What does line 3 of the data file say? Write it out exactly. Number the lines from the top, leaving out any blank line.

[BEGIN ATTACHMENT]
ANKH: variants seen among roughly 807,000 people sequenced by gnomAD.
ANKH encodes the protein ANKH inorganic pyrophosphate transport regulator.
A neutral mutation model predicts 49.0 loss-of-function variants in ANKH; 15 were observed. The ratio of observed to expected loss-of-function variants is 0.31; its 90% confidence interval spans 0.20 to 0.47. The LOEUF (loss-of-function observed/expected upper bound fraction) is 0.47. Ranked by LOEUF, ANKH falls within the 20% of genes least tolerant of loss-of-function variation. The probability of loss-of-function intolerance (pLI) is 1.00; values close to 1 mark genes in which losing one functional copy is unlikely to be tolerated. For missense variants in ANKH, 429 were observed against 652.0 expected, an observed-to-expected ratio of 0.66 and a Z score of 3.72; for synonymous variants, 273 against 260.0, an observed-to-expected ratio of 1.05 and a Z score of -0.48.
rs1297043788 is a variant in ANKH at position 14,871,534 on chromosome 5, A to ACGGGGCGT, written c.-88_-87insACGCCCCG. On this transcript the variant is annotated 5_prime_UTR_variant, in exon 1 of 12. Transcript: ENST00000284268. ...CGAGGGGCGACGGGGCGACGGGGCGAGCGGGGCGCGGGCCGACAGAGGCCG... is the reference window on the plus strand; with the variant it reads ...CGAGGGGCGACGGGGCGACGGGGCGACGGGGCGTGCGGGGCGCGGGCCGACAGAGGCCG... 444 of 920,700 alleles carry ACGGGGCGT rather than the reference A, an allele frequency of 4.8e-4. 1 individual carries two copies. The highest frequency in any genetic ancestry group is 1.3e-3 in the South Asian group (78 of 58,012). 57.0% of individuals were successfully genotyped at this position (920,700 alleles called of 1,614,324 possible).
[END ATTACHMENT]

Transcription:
A neutral mutation model predicts 49.0 loss-of-function variants in ANKH; 15 were observed. The ratio of observed to expected loss-of-function variants is 0.31; its 90% confidence interval spans 0.20 to 0.47. The LOEUF (loss-of-function observed/expected upper bound fraction) is 0.47. Ranked by LOEUF, ANKH falls within the 20% of genes least tolerant of loss-of-function variation. The probability of loss-of-function intolerance (pLI) is 1.00; values close to 1 mark genes in which losing one functional copy is unlikely to be tolerated. For missense variants in ANKH, 429 were observed against 652.0 expected, an observed-to-expected ratio of 0.66 and a Z score of 3.72; for synonymous variants, 273 against 260.0, an observed-to-expected ratio of 1.05 and a Z score of -0.48.